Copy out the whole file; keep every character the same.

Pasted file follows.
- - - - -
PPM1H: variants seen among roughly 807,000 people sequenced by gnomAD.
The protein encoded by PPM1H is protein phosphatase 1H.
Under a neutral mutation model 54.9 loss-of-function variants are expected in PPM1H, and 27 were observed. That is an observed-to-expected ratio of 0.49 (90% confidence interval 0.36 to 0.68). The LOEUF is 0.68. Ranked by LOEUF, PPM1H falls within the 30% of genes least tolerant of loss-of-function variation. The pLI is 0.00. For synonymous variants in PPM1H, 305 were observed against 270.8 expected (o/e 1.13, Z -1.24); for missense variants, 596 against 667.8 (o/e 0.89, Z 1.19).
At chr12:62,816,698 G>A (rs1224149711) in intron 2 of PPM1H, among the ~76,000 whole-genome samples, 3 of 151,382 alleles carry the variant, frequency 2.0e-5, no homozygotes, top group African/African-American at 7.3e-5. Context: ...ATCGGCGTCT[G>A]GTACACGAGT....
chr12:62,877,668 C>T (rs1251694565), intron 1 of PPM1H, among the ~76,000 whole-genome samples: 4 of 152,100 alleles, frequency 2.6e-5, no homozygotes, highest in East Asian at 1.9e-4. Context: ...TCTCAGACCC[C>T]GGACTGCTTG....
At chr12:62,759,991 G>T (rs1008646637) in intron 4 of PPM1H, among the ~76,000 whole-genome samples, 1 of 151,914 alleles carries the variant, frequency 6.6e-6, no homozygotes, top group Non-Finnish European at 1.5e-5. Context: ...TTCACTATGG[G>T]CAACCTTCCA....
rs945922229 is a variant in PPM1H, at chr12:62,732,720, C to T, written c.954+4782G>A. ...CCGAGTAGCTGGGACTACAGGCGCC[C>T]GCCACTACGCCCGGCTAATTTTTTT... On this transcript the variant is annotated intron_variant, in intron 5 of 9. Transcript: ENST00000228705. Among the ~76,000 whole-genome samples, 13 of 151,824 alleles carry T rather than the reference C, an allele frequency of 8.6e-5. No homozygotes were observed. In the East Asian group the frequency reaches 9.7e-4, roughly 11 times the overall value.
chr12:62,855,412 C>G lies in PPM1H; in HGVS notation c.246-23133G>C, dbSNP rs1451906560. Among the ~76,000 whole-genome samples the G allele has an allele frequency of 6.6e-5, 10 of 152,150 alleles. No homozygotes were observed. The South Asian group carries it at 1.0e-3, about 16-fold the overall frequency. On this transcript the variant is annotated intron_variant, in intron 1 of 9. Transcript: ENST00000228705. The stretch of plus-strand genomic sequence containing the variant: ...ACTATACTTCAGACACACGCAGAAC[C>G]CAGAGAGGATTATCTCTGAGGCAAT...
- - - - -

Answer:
PPM1H: variants seen among roughly 807,000 people sequenced by gnomAD.
The protein encoded by PPM1H is protein phosphatase 1H.
Under a neutral mutation model 54.9 loss-of-function variants are expected in PPM1H, and 27 were observed. That is an observed-to-expected ratio of 0.49 (90% confidence interval 0.36 to 0.68). The LOEUF is 0.68. Ranked by LOEUF, PPM1H falls within the 30% of genes least tolerant of loss-of-function variation. The pLI is 0.00. For synonymous variants in PPM1H, 305 were observed against 270.8 expected (o/e 1.13, Z -1.24); for missense variants, 596 against 667.8 (o/e 0.89, Z 1.19).
At chr12:62,816,698 G>A (rs1224149711) in intron 2 of PPM1H, among the ~76,000 whole-genome samples, 3 of 151,382 alleles carry the variant, frequency 2.0e-5, no homozygotes, top group African/African-American at 7.3e-5. Context: ...ATCGGCGTCT[G>A]GTACACGAGT....
chr12:62,877,668 C>T (rs1251694565), intron 1 of PPM1H, among the ~76,000 whole-genome samples: 4 of 152,100 alleles, frequency 2.6e-5, no homozygotes, highest in East Asian at 1.9e-4. Context: ...TCTCAGACCC[C>T]GGACTGCTTG....
At chr12:62,759,991 G>T (rs1008646637) in intron 4 of PPM1H, among the ~76,000 whole-genome samples, 1 of 151,914 alleles carries the variant, frequency 6.6e-6, no homozygotes, top group Non-Finnish European at 1.5e-5. Context: ...TTCACTATGG[G>T]CAACCTTCCA....
rs945922229 is a variant in PPM1H, at chr12:62,732,720, C to T, written c.954+4782G>A. ...CCGAGTAGCTGGGACTACAGGCGCC[C>T]GCCACTACGCCCGGCTAATTTTTTT... On this transcript the variant is annotated intron_variant, in intron 5 of 9. Transcript: ENST00000228705. Among the ~76,000 whole-genome samples, 13 of 151,824 alleles carry T rather than the reference C, an allele frequency of 8.6e-5. No homozygotes were observed. In the East Asian group the frequency reaches 9.7e-4, roughly 11 times the overall value.
chr12:62,855,412 C>G lies in PPM1H; in HGVS notation c.246-23133G>C, dbSNP rs1451906560. Among the ~76,000 whole-genome samples the G allele has an allele frequency of 6.6e-5, 10 of 152,150 alleles. No homozygotes were observed. The South Asian group carries it at 1.0e-3, about 16-fold the overall frequency. On this transcript the variant is annotated intron_variant, in intron 1 of 9. Transcript: ENST00000228705. The stretch of plus-strand genomic sequence containing the variant: ...ACTATACTTCAGACACACGCAGAAC[C>G]CAGAGAGGATTATCTCTGAGGCAAT...